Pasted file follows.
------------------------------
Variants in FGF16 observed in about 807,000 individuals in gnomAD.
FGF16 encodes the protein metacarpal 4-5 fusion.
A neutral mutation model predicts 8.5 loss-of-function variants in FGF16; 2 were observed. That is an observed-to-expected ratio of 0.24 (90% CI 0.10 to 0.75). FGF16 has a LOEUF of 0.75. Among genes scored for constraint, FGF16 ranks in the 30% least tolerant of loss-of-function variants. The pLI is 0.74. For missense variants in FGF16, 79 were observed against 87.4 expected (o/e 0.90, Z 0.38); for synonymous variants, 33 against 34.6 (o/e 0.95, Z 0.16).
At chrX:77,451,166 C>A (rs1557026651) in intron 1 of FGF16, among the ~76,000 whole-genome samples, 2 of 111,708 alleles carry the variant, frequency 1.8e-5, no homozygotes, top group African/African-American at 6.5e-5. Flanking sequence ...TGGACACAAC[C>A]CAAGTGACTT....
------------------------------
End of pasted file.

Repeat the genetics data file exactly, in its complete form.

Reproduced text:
Variants in FGF16 observed in about 807,000 individuals in gnomAD.
FGF16 encodes the protein metacarpal 4-5 fusion.
A neutral mutation model predicts 8.5 loss-of-function variants in FGF16; 2 were observed. That is an observed-to-expected ratio of 0.24 (90% CI 0.10 to 0.75). FGF16 has a LOEUF of 0.75. Among genes scored for constraint, FGF16 ranks in the 30% least tolerant of loss-of-function variants. The pLI is 0.74. For missense variants in FGF16, 79 were observed against 87.4 expected (o/e 0.90, Z 0.38); for synonymous variants, 33 against 34.6 (o/e 0.95, Z 0.16).
At chrX:77,451,166 C>A (rs1557026651) in intron 1 of FGF16, among the ~76,000 whole-genome samples, 2 of 111,708 alleles carry the variant, frequency 1.8e-5, no homozygotes, top group African/African-American at 6.5e-5. Flanking sequence ...TGGACACAAC[C>A]CAAGTGACTT....